Singer KK dies of sudden heart attack: Can we predict a heart attack? – Times of India


People woke up today to the news of the sudden demise of one of Bollywood’s most popular singers, Krishnakumar Kunnath (KK). He was performing live at a concert last night. Reportedly, he was complaining of uneasiness and was rushed to the hospital, just to be declared dead. Shortly after, videos of his last concert in Kolkata started to go viral where he was seen sweating profusely. Another video of security rushing him out of the venue had fans pointing out his extreme fatigue and exhaustion.

Over the years, researchers have collected enough evidence to prove that death due to heart disease is on the rise in India. Since cardiovascular disease strikes Indians a decade earlier than people across the globe, an increasing number of heart attacks happen among people between 30 to 69 years. Which brings us to the question – can we predict a heart attack?

Dr Ankur Phatarpekar, Director Cath Lab and Intervention Cardiologist, Symboisis Hospital, Mumbai says, “Detecting a heart attack at the very initial phase can be very difficult for people, however, the most common which we see is profuse sweating with chest pain. Chest pain, which is associated with profuse sweating, breathlessness, uneasiness, would be the signs of having serious heart ailments and people self-diagnose and ignore this considering it can be simple acidity or muscular pain. It is advisable to everyone if they ever feel any such symptom, the first step is to immediately go to a hospital and get an ECG done and seek medical attention.” Sometimes excessive fatigue and excessive tiredness are symptoms which are very nonspecific but might lead to a heart attack. So, any of the symptoms which are not normal should always be checked with the family physician or a cardiologist. People are also advised to go for ECG testing on a monthly basis to keep heart health in check. “Young people usually do not expect heart attack to be the cause of the left side chest pain so what happens is they present late or even their family members understand this very late. And as a result, what happens is because of slowly developing blockages, there might be natural bypasses collateral which might have opened but in younger individuals especially young smokers these collaterals are not developed. So, any occlusion which is acute has very bad consequences. If any heart ailment or high BP is not treated early, it can have dire consequences,” he adds.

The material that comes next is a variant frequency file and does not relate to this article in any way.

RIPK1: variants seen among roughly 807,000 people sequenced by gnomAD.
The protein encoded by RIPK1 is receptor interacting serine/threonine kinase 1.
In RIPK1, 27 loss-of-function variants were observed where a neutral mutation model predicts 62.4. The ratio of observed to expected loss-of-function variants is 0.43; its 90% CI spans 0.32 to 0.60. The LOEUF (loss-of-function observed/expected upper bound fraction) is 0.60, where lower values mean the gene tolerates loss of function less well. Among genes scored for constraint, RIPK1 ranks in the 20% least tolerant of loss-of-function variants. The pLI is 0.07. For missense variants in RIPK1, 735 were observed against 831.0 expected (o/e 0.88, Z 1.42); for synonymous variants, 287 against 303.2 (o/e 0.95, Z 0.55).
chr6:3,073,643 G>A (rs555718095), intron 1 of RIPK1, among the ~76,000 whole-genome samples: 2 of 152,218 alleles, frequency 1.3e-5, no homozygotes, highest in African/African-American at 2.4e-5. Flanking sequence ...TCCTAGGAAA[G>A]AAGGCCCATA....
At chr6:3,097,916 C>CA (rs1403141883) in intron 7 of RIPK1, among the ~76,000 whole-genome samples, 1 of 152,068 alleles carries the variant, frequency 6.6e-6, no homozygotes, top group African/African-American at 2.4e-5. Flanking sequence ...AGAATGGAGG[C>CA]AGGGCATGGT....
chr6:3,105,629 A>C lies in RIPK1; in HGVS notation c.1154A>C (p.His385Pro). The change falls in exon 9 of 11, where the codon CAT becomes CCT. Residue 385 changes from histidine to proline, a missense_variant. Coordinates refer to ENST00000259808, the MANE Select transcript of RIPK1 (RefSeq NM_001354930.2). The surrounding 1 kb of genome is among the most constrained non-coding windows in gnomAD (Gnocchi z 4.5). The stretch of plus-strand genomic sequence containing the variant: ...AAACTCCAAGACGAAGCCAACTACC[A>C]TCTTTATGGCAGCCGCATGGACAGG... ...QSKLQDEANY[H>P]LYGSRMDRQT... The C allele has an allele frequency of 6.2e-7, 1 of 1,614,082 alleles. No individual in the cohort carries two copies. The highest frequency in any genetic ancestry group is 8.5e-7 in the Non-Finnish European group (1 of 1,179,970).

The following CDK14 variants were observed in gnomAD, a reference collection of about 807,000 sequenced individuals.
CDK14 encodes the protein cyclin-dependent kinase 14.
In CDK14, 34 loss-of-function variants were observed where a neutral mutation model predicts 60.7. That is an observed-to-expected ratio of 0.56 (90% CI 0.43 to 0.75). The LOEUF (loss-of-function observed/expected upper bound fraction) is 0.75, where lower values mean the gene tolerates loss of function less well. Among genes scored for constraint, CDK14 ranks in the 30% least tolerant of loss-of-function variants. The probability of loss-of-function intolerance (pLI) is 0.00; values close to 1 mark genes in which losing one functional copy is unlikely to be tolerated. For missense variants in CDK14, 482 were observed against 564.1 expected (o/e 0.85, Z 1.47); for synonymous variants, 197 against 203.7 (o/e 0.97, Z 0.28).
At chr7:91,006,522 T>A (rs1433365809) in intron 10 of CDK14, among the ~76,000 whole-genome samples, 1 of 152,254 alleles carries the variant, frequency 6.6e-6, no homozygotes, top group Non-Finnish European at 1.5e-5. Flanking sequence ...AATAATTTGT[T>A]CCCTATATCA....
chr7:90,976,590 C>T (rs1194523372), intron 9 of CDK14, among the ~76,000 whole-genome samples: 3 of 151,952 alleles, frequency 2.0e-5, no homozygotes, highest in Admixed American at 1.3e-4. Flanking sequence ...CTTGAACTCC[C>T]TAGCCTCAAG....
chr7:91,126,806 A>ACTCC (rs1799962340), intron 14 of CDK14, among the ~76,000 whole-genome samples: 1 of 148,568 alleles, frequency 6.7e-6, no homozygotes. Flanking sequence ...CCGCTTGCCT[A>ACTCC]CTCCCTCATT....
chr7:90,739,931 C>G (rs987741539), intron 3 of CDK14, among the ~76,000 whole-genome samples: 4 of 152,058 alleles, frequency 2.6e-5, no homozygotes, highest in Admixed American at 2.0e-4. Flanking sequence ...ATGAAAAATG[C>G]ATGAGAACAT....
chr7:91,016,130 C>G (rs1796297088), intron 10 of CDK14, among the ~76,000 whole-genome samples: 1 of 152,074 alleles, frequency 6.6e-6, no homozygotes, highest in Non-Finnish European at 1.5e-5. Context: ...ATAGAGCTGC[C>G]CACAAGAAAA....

Highlighting the range of symptoms, Dr. Jaideep Menon, Consultant, Adult Cardiology, Amrita Hospital, Kochi shares, “Most individuals have a prodrome prior to the actual pain of a myocardial infarction, ranging from gaseous eructation, an urge for bowel movement, nausea, restlessness, fatigue etc, this may precede the actual event by a few hours or even days. None of the symptoms are persistent, especially in individuals with a risk for heart disease.” Commenting on whether heat impacts someone’s chances of getting a heart attack, he further adds, “Literature tells us that acute cardiac events are higher in the extremes of temperatures, both heat and cold. Heat waves increase cardiac events as has been evidenced in the US as also extremes of cold.”

We know that heart attack is due to blockage in coronary arteries which is due to clot formation inside the artery. The atheroma plaque ruptures and forms a clot with blood. To prevent death from a heart attack, urgent CCU care is required.

Doctors suggest that if you are diabetic, hypertensive, smoker with a family history of heart attacks- you should be more careful.



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